|TOO MANY GIRLS (1940)|
Hal Le Roy
|"Well, I'm not exactly wonderful, but I'm awfully attractive in a dynamic sort of way."|
|Time: 85 mins.|
Rating: Not Rated
SYNOPSIS: A spoiled heiress, who finally decides to do something with her life, is unknowingly followed to a tiny, southwestern college by four Ivy League football players paid by her father to go to school with her and keep her out of man trouble.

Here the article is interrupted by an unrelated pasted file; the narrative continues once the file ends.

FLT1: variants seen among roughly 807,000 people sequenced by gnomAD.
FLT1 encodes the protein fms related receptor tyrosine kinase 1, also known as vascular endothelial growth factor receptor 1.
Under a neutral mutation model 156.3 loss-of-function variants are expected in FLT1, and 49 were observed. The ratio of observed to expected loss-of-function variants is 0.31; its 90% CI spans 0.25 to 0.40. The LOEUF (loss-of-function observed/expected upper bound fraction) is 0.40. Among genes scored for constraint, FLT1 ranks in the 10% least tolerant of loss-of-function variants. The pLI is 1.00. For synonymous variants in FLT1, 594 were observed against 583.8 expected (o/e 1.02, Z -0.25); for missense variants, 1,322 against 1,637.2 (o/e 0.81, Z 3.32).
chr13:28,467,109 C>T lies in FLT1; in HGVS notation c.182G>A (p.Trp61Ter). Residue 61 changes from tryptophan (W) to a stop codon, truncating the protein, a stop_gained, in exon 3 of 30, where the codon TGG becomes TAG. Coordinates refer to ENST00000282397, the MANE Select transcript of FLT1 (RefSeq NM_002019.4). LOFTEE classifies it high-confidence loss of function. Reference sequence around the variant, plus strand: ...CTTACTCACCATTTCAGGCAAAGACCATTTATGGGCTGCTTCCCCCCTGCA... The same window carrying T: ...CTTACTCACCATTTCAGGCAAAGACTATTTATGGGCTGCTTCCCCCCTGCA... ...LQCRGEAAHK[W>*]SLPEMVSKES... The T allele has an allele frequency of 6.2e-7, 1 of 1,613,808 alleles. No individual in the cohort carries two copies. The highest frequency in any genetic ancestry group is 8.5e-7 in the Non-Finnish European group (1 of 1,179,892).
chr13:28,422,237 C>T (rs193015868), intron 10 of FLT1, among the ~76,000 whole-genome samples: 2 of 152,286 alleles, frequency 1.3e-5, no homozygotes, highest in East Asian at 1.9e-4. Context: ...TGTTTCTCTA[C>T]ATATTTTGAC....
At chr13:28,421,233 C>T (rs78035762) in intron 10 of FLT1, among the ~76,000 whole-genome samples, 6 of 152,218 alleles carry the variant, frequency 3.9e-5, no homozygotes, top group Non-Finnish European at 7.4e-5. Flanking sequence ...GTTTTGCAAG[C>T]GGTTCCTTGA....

BOTTOM LINE: Ball goes from the background to leading lady status in this mundane musical that surely helped her personal life more than her career. At 29-years-old, she's way too old to be playing a co-ed, even one who starts later than most. She sticks out like a sore thumb, lacking energy and the talent to sing (her voice is poorly dubbed) and dance, which is pretty much all that happens here. In between all the raucous musical numbers, mostly memorable for their frantic exuberance, she's romanced by two men a sophisticated playright Beverly Waverly (Walton) and one of her adorable bodyguards Clint Kelly (Carlson) who both fail to generate a spark with their supposed true love. What little story there is forces her to fall for the elusive Clint, who interests her mostly because he doesn't pursue her (it's against the bodyguard contract). Though the same age, Carlson comes off more like Ball's little brother than the man of her dreams. Since their romance fails to produce any heat, the film merely meanders along, with only the singing, dancing and football creating any excitement or interest. Unlike his future wife, Desi Arnez lights up the screen in his first appearance as a singer/football player from South America. His sweet sexiness and co-star Bracken's sarcastic charm give the film some of it's only funny moments. By failing to use Ball's talent for comedy, both verbal and physical, and to get a stronger leading man, the film dooms itself to mediocrity. Even Lucy fans will fail to be entertained.